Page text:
Sara Gorsky 13:12
Oh my gosh.
Sam Eggers 13:13
So what happened to her and she just sort of lived out her days…?
Justin Xavier 13:16
She retired, she retired, living on a government pension for the rest of her life and died in 1917.
Sara Gorsky 13:22
Wow. That is such a sad story.
Sam Eggers 13:25
So is there still – forgive me if this is an ignorant question. So the descendants of the Hawaiian former the former Hawaiian royal family, are they those… like are they seen as sort of celebrities in Hawaii? Or do people know who they are? Or is it like, people don’t even keep track of it?
Justin Xavier 13:41
Once America took over and they had a new president that had all the leadership, and then it was another wasn’t it like 60 more years before Hawaii was a state because they just needed all the like anger to die down so they could be like, well, now do you want to be in a state? It’s going to get your benefits.
Sara Gorsky 13:56
I thinkt they’re still recognized…. like the royal line as like…. I feel like they still are
Justin Xavier 14:01
Probably the Hawaiian people do, yeah.
Sara Gorsky 14:04
Like I’ve seen, like, photos of like, “Oh, this is the granddaughter of blah blah blah”, right?
Justin Xavier 14:09
Yeah, just the rest of the world doesn’t care and they don’t have any power. They’re respected.
Sara Gorsky 14:14
By the people.
Justin Xavier 14:15
Yeah , by just the Hawaiian people.
Sara Gorsky 14:18
I really hate the Dole family. I’m filled with rage.
Justin Xavier 14:21
Sam Eggers 14:22
I mean, that must be the same – Sanford Dole…
Justin Xavier 14:24
It has to be.
Sam Eggers 14:25
I wonder what – I need to see what Sanford Dole looks like. Because I have an image.
Justin Xavier 14:29
It’s what you think I think. Describe the image of Sanford Dole.
Sara Gorsky 14:34
Voldemort. It’s Voldemort, right?
Justin Xavier 14:37
That’s kind of close. I can’t wait…
Sam Eggers 14:42
Oh, it’s bad. No, it’s better than I could have ever imagine
Justin Xavier 14:47
Sara Gorsky 14:48
That split beard…
Sam Eggers 14:49
It’s a little like Colonel Sanders meets like Robert E. Lee meets Santa Claus. Right?
Justin Xavier 14:57
I think that’s accurate. Yeah. Look, look how proud he is of himself.
Sara Gorsky 15:01
He was one of the richest men in the world at that time, I’m sure.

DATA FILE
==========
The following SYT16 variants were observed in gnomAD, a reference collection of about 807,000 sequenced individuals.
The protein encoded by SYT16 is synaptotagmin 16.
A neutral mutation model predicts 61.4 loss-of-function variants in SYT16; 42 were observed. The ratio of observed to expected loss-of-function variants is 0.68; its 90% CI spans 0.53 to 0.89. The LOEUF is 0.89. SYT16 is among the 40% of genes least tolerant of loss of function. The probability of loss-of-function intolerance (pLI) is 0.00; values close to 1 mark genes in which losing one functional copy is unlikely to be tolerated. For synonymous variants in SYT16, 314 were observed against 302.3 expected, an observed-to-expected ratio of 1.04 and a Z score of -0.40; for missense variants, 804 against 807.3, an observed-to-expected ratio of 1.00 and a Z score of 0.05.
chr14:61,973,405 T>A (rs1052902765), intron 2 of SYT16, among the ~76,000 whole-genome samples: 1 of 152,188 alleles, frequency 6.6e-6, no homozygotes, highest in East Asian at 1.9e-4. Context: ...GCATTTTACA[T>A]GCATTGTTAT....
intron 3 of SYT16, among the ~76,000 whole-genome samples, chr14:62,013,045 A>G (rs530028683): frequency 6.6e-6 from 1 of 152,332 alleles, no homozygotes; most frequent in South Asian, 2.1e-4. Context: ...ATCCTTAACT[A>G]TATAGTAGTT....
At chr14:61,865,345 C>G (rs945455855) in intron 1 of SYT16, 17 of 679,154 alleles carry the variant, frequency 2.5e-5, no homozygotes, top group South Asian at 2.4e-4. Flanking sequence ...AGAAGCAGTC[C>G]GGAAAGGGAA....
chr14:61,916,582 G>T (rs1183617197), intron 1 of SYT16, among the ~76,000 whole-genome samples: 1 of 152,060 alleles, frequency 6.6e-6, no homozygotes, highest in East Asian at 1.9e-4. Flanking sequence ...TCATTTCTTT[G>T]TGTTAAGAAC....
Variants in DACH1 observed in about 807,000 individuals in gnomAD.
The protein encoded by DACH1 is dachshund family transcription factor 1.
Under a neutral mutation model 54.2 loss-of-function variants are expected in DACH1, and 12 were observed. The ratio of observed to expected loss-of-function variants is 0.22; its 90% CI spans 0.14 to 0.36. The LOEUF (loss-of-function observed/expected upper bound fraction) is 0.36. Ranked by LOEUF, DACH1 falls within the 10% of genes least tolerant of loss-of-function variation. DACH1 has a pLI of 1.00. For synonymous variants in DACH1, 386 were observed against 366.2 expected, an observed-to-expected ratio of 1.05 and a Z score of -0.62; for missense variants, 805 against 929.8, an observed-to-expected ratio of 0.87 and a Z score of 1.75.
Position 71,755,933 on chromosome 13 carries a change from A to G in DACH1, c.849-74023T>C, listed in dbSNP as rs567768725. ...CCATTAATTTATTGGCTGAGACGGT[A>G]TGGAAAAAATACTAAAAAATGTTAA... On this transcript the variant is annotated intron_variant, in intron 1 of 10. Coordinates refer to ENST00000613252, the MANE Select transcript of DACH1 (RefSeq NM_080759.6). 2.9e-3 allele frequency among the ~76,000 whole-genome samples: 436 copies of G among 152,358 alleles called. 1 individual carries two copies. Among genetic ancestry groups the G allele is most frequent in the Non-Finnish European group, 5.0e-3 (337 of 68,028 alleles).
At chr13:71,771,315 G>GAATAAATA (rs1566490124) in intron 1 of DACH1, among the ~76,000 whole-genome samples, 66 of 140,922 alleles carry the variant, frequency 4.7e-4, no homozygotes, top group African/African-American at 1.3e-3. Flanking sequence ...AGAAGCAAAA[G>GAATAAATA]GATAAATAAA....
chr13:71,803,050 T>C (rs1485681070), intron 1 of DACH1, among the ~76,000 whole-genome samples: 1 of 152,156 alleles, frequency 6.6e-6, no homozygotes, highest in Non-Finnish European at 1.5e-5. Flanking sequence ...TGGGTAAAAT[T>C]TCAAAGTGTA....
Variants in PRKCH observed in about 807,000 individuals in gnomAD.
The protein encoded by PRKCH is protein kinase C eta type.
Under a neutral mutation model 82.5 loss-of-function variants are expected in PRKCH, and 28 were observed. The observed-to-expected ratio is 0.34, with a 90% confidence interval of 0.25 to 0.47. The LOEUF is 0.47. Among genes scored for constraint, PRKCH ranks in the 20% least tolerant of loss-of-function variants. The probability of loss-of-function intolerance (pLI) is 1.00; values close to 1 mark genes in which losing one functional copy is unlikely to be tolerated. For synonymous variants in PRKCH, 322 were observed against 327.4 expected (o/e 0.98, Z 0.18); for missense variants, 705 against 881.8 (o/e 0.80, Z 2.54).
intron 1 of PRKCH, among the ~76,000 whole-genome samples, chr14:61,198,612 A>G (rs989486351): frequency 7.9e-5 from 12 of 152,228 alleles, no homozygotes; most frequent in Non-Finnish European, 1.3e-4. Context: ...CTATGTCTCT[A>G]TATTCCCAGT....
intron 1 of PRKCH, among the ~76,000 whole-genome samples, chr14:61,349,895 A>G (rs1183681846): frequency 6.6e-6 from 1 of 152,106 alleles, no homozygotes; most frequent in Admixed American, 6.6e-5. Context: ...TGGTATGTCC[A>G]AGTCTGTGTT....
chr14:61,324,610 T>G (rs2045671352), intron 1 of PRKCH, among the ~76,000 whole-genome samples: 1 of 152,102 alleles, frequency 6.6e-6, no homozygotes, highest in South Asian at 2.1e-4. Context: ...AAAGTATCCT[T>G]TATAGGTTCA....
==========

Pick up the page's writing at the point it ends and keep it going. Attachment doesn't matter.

Justin Xavier 15:06
Sara Gorsky 15:06
Because I’m sure he owned…
Justin Xavier 15:08
Yeah. And he, you know, he obviously held the assumption that anyone who wasn’t living the white lifestyle was savages and needed to he needed Western culture to civilize the islands and bring actual civility to them.
Sara Gorsky 15:23
Justin Xavier 15:24
Sara Gorsky 15:25
At gunpoint. Be civil – with a gun in your face.
Justin Xavier 15:29
So that’s the story of Lili’uokalani the last – first and last Queen of Hawaii.
Sam Eggers 15:35
Wow, what a BROAD.
Sara Gorsky 15:36
She was a great broad. She did the best she could. That situation was like the worst situation you could be in.
Justin Xavier 15:43
She did the best she could given her circumstances. All right. Well, that you know, that’s every once in a while you do these episodes and you just feel sad about history. Yeah, look at the way the world is but you know, and Hawaii is still fighting. Like, if we’re going to talk about like modern events. They’re still like – someone’s trying to put up a big satellite tower on the top of like a sacred mountain. And there’ve been protests there for the last, like six month.
Sara Gorsky 16:08
Yeah, I have a friend involved in the protests that lives there.
Justin Xavier 16:10
Sara Gorsky 16:10
And it’s been. It’s been a big…
Justin Xavier 16:12
Yeah, there’s a lot of like Puerto Rican standing with them. And it’s like that that bond has not died.
Sara Gorsky 16:18
Yeah. And I think there’s a lot of camaraderie, too between the tribal nations on the mainland, as well.
Justin Xavier 16:24
Sara Gorsky 16:25
Because I know, my friend involved in Hawaii has also been involved with like the Standing Rock demonstrations and like, people have this combined, like, “get the colonizers out of here, preserve the land preserves the people and the… you know, anyway.
Justin Xavier 16:39
Well, thank you for listening. If you want to support the show, leave us a review on iTunes. It’s the best way that…
Sara Gorsky 16:45
You can help us.
Justin Xavier 16:46
Yes, it’s the best way you could help us. It’s the best way that new listeners can find the show. That’s what I was trying to say. And I had like three sentences crossing in my brain. Thank you. Or you could tell a friend about the show or reach out to us on Instagram @broadyoushould know or email us at firstname.lastname@example.org.